Nick Demerice, spokesperson for the Employment Security Department, said his agency is still working out the accommodation process with the human resources department and unions. The agency has received close to 300 exemption requests.

Unemployment benefits, retirement are two options

Instead of getting the vaccine, Scott said he plans to retire after Oct. 18. Having worked in the parks system and as a state trooper in his career, he will still be receiving most of his benefits.

Scott said he feels fortunate he is able to do so, but there are many others who will not have that choice.

Whether employees can receive unemployment benefits after leaving or getting fired depends on the situation, Demerice said.

Someone who is granted an exemption but can't be accommodated in their current position might qualify for benefits, Demerice said.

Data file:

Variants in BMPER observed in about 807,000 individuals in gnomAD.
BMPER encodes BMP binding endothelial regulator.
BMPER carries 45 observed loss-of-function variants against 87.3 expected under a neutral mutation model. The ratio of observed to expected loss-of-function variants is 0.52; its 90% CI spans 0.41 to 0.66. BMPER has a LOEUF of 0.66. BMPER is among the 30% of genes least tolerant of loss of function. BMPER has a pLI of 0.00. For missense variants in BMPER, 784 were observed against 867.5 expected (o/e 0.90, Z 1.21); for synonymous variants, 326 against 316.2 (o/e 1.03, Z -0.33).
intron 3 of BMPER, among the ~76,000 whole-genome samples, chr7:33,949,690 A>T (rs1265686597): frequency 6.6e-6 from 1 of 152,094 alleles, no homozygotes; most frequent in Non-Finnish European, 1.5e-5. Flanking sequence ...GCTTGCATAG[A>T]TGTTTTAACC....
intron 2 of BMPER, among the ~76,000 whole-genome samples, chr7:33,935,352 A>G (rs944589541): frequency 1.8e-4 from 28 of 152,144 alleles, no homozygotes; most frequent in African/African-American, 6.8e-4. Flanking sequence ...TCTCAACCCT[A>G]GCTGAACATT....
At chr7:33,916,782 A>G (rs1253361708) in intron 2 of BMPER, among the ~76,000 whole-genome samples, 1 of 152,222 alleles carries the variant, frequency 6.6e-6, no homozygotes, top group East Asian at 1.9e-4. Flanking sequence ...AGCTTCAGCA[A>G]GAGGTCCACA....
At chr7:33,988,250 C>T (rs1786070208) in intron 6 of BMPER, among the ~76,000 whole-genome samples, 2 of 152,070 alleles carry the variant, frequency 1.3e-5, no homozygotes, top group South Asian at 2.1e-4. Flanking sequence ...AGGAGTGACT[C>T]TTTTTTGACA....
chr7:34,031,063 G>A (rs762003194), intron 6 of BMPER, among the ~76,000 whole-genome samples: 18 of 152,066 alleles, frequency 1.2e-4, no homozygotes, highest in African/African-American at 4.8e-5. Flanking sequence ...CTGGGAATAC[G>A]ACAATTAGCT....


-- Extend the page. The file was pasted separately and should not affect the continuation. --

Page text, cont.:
Employees at private businesses affected by the mandate may have a difficult time receiving unemployment benefits.

Assuming an employer gives ample opportunity and notice of the vaccine requirement, "it would be difficult in those situations based on this and solely this to receive benefits," he said. "But it's not impossible."

State officials not worried about staffing shortages

Nearly 600 state workers, including many state troopers, Department of Corrections workers and firefighters, signed onto a lawsuit against Gov. Jay Inslee in Walla Walla County Superior Court, claiming the governor exceeded his authority in issuing the mandate.

In a hearing on Monday, Judge M. Scott Wolfram granted a request from the state to change the case venue to Thurston County.

Inslee told reporters Thursday he did not think there would be staffing shortages statewide, saying state workers want to do what's best for the public and will end up getting the shot.

He said the state has contingency plans in place for those who do decide to leave. The state normally has about a 10 percent turnover rate every year, Inslee said.

"This is not an untoward situation," he said.